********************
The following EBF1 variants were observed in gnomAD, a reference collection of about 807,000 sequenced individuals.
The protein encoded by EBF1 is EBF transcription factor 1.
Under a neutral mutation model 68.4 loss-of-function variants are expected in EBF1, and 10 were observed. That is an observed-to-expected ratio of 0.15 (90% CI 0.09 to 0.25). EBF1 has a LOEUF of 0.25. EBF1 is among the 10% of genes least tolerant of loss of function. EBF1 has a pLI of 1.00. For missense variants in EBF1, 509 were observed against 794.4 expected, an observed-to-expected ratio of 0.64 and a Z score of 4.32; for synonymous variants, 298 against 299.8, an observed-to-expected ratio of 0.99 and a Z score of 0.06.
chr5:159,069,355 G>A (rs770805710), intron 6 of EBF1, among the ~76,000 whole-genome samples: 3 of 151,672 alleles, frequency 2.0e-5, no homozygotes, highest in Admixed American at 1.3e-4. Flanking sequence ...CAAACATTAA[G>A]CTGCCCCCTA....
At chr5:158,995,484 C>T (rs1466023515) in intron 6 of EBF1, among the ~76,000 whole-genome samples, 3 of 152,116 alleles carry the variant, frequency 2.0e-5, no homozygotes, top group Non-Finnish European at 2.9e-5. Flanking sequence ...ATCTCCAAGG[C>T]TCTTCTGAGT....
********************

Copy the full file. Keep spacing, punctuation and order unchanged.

The following EBF1 variants were observed in gnomAD, a reference collection of about 807,000 sequenced individuals.
The protein encoded by EBF1 is EBF transcription factor 1.
Under a neutral mutation model 68.4 loss-of-function variants are expected in EBF1, and 10 were observed. That is an observed-to-expected ratio of 0.15 (90% CI 0.09 to 0.25). EBF1 has a LOEUF of 0.25. EBF1 is among the 10% of genes least tolerant of loss of function. EBF1 has a pLI of 1.00. For missense variants in EBF1, 509 were observed against 794.4 expected, an observed-to-expected ratio of 0.64 and a Z score of 4.32; for synonymous variants, 298 against 299.8, an observed-to-expected ratio of 0.99 and a Z score of 0.06.
chr5:159,069,355 G>A (rs770805710), intron 6 of EBF1, among the ~76,000 whole-genome samples: 3 of 151,672 alleles, frequency 2.0e-5, no homozygotes, highest in Admixed American at 1.3e-4. Flanking sequence ...CAAACATTAA[G>A]CTGCCCCCTA....
At chr5:158,995,484 C>T (rs1466023515) in intron 6 of EBF1, among the ~76,000 whole-genome samples, 3 of 152,116 alleles carry the variant, frequency 2.0e-5, no homozygotes, top group Non-Finnish European at 2.9e-5. Flanking sequence ...ATCTCCAAGG[C>T]TCTTCTGAGT....